The 3 most critical DCIM functions

The 3 most critical DCIM functions

DCIM is the brains of the data center.

In the not-too-distant future, the idea of running a data center without data center infrastructure management (DCIM) will be all but unfathomable. Firstly, data centers increasingly fall into that category of critical infrastructure. Just imagine trying to get anything done without access to your critical applications in the data center. You can't.

Secondly, like with other forms of critical infrastructure (i.e., the power grid), data aggregation technology such as smart sensors combined with the power of modern analytics is improving the visibility and performance of these mission-critical facilities. DCIM is out in front of that trend. It has been for years, and it will be for years to come. With that in mind, data center managers need to make sure their DCIM investments are sensible, and that means seeking out a solution with a key set of fundamental features, namely the following:

1. Real-time visualizations

Pundits will talk a lot about the Internet of Things, and the deployment of sensors that can collect data in the data center in real time and with extraordinary accuracy. The second half of that process involves subsequently analyzing that data as quickly as it is collected to monitor a facility's health in real time in order to continuously facilitate the following:

  • Health: At any given moment, is everything operating to spec?
  • Performance: How reliable is your facility right now?
  • Efficiency: Are your resources directly contributing to the health and performance of your facility?

In order to answer these questions, DCIM compiles data collected through real-time monitoring, including rack temperature, humidity, airflow, power consumption and IT load, and visualizes that real-time information in a single, coherent interface. If something is amiss, you won't just know through your alerts - you'll also see it. This intuitive facility overview is perhaps the most powerful function that modern DCIM has to offer.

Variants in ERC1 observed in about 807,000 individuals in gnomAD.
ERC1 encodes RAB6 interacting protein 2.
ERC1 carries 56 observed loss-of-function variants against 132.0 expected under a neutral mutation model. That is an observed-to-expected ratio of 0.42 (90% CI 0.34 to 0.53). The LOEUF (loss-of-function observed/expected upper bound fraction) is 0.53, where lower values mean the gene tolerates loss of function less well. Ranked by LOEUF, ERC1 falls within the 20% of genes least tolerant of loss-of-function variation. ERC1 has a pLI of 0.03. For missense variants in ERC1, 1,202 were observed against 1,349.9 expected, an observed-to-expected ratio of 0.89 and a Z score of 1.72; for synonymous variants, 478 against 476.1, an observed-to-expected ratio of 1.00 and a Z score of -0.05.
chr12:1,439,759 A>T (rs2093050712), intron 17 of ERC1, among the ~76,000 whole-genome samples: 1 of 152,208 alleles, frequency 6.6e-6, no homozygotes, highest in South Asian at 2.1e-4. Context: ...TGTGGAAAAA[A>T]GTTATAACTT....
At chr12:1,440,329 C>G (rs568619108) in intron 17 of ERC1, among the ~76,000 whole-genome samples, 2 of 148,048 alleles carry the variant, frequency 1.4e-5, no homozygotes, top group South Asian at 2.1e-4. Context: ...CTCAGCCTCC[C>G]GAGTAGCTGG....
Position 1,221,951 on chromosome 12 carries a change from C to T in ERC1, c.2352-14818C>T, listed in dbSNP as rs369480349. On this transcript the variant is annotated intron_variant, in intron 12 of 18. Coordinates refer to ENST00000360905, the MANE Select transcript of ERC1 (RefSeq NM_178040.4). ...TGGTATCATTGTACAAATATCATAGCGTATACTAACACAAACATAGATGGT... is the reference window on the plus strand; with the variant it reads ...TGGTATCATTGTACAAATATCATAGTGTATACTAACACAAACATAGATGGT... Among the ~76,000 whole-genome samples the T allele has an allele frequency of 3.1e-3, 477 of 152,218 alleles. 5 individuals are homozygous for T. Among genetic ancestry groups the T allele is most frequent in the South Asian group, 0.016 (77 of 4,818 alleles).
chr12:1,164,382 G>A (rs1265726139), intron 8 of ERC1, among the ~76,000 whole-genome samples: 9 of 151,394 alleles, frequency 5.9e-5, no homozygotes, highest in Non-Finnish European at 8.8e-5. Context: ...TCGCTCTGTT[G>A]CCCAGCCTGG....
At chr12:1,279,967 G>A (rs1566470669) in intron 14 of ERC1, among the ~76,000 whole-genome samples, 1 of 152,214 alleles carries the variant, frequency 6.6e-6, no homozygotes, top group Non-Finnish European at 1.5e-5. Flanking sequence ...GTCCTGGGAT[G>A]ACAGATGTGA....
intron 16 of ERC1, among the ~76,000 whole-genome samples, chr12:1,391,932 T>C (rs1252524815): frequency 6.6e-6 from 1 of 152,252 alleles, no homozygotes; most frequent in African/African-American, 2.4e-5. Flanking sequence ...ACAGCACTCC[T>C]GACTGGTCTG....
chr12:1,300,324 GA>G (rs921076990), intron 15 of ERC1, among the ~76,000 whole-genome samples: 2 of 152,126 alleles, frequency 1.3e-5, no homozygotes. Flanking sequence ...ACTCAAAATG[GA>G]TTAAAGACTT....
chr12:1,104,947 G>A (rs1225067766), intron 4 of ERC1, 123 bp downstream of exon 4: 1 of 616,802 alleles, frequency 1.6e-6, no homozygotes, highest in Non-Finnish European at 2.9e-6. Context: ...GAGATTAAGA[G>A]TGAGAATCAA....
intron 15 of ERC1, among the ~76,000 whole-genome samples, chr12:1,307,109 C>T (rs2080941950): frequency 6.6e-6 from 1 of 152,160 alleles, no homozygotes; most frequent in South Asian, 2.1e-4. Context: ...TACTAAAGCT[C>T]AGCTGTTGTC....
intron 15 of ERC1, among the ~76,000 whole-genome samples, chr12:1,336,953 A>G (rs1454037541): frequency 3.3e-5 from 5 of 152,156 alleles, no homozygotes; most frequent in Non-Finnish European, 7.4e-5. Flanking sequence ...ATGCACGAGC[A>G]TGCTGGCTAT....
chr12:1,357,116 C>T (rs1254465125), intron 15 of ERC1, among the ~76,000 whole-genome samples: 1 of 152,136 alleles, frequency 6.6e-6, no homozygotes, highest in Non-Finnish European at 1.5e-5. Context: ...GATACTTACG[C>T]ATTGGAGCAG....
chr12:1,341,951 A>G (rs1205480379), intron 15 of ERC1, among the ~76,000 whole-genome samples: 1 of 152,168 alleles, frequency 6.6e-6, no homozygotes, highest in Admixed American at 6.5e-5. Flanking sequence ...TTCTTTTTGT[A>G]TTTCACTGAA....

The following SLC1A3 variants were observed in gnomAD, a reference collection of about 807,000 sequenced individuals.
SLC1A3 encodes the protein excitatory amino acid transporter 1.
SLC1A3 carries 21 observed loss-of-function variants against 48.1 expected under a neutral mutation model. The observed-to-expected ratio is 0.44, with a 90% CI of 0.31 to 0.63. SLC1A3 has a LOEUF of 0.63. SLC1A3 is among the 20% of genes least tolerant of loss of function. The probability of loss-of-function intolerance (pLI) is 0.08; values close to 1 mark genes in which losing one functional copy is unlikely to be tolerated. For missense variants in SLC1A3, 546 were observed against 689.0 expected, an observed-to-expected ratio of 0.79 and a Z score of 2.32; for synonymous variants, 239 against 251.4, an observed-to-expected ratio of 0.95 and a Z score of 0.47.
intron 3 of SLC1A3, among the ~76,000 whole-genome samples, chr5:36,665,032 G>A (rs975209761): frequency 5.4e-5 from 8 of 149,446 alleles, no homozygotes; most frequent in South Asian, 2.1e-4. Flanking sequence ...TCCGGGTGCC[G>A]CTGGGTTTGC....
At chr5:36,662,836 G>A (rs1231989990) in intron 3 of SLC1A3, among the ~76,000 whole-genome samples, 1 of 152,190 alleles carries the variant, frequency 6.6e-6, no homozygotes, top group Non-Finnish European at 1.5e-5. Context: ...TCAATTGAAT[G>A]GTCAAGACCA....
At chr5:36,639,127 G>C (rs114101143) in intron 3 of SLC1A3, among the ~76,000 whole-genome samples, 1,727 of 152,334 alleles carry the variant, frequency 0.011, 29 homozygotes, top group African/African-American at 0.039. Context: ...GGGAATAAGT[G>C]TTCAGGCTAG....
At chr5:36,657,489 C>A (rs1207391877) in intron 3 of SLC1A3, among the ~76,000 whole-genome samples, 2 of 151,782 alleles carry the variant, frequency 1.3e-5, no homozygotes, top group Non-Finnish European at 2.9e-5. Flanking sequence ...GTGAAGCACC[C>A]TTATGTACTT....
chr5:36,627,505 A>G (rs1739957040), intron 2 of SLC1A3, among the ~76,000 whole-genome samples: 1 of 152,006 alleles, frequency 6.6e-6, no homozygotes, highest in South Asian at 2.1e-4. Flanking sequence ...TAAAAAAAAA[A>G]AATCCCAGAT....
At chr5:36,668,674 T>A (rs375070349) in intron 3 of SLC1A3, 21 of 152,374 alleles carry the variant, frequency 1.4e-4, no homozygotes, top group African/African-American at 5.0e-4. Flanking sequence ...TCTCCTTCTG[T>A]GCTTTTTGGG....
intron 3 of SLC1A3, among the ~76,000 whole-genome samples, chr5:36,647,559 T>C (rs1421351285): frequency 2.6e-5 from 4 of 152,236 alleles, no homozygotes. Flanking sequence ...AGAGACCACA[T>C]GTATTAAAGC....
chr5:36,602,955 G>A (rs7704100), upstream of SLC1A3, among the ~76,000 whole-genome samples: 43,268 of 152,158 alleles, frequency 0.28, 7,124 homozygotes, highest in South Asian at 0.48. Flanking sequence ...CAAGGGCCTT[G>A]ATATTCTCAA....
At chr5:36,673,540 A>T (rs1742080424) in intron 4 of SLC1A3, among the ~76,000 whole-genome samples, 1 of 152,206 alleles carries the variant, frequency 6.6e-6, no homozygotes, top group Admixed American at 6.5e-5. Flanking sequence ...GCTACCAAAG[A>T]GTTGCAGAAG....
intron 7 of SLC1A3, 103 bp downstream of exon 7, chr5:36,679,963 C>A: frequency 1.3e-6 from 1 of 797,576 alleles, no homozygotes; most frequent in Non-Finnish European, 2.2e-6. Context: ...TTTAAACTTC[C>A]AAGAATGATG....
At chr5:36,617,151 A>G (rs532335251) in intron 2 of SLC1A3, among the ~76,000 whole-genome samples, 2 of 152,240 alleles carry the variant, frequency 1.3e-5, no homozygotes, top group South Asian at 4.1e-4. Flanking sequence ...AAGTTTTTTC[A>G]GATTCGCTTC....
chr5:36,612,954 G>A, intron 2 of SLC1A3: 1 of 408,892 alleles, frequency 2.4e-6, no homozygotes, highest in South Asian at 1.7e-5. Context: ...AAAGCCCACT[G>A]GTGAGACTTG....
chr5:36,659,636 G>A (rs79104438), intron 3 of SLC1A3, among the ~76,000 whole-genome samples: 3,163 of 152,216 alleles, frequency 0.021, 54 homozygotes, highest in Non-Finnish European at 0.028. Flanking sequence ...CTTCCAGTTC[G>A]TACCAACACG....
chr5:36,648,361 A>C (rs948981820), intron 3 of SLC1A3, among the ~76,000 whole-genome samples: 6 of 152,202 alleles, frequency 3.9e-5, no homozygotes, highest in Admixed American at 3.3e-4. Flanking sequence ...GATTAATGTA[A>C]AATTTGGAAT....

A global view of your data center can improve reliability, performance and efficiency. A global view of your data center can improve reliability, performance and efficiency.

2. Asset and change management

According to Data Center Knowledge Contributor Michael Potts, only 26 percent of survey respondents said that they would be able to find a specific server within minutes of being asked about it. Meanwhile, 58 percent said that they could find it in four hours, and 20 percent said that it would take them a day or more to locate that equipment. 

The purpose of asset management is to create a virtual inventory of all facility equipment, including servers, cooling equipment, network switches, power distribution units (PDUs), facility monitors and so on. Additionally, asset management provides an operational status for that piece of equipment and shows what other equipment it may be connected to or influencing at a given moment. 

And finally, because the goal is to keep this information accurate up to the second, asset management facilitates change management, which is the documentation of any changes that are made to any assets in this virtual index of the data center. Every little adjustment that takes place in the facility is always accounted for. 

3. Capacity planning

"Even the most optimized data centers can get blind-sided by growth."

Even the most optimized data centers can get blind-sided by growth if they do not adequately account for changes in resource consumption over time. This goes beyond recording events. It requires a replete understanding of a facility's resource limitations. This includes footprint (physical space) and IT load, but also cooling capacity and power consumption.  

This is where DCIM's capacity planning capabilities come into the picture. By tracking resource consumption trends over time and analyzing them, facility managers can follow growth patterns to understand resource capacities and adjust according to future trajectories. A best-in-class DCIM solution will also feature predictive modeling that allows for the simulation of hypothetical facility setups and scenarios. 

Though it appears third in this list, capacity planning is no less important than anything preceding it, especially considering the rapid rate at which data is being created, physical functions are being digitized and workflow functions are being automated. Change is the only constant now. Are you ready for it?